Earlier this week, I shared a selection of training videos that I recently found on an old zip drive. Ironically, I accidentally stumbled upon the footage. At the same time, I found a lot of past videos that, it seemed to me, I lost. Looking nostalgically for old clips, most of which were shot 10-15 years ago. Time has literally flown by. However, although most of my training remains unchanged, there is one important difference that needs to be discussed.
Old school compilation
First, take a look at the collection. You will see free weights, bodyweight exercises and many high-tech home tools. From this point of view, little has changed. I still use most of the same equipment and do many of the same exercises.
Perhaps the biggest change in my training was learning take a trip rather than get hung up on your destination. When I was younger, I was constantly looking for new personal records and exploits. Whatever I do, I always wanted more. Any joy that I experienced from success was short-lived, as I immediately turned to a new challenge. My competitiveness made me constantly want more.
Now that I am older and wiser, I have learned to let learning take care of itself. I don’t need to get hung up on my destination, as I am sure that my hard work will direct me in the right direction. In other words, I usually ended up in the same place anyway. Thus, I try to enjoy the journey as much as possible. I do not beat myself if I miss the lift or cannot do as many repetitions as I wanted. Instead, I calm down, knowing that I have done everything possible, and I believe that my sequence will ultimately lead me to where I need to go.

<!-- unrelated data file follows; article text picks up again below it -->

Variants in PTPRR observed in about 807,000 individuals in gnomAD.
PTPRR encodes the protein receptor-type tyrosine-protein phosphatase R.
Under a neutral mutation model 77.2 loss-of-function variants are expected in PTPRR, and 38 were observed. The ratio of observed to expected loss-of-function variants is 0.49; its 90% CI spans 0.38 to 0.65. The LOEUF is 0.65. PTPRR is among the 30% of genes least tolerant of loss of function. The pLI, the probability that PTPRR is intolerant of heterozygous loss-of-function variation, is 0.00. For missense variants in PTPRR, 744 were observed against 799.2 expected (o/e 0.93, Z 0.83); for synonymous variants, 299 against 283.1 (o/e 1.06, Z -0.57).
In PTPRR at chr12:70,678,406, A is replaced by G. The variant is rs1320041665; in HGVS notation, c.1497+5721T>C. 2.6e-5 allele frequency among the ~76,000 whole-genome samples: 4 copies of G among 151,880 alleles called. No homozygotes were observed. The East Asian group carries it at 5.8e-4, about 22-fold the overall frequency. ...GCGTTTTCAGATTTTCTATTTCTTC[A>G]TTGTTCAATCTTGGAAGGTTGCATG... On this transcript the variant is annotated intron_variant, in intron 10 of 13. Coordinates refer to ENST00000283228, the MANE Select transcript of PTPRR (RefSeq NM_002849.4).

The ability to take a trip does not mean that I have lost my competitiveness. It also does not mean that I no longer challenge myself. I still try my best and I always strive for improvement. I hope this never changes. I just learned to enjoy the process a bit more, without worrying about where it will take me and how long it will take to get there.
I also learned to be happy with what I have already achieved. This does not mean that I do not want anymore. I simply do not allow my search for new goals to take away what I have already achieved. When I was younger, I did not know how to balance them. Fortunately, time and experience taught me valuable lessons.
Thus, it took me a long time to realize that I can enjoy the journey without getting hung up on my destination. I can still work as hard as I always have, without putting much pressure on myself to achieve the goals that I set for myself. As I continue to grow, I have learned to believe that my work will eventually lead me there.
Relieving myself does not mean that I am less likely to improve. On the contrary, I just matured and realize that life flies by unnoticed. As a result, it only makes sense for us all to enjoy our individual travels as much as we can.
“Success is a journey, not a destination. To do this is often more important than the result. ” – Arthur Ash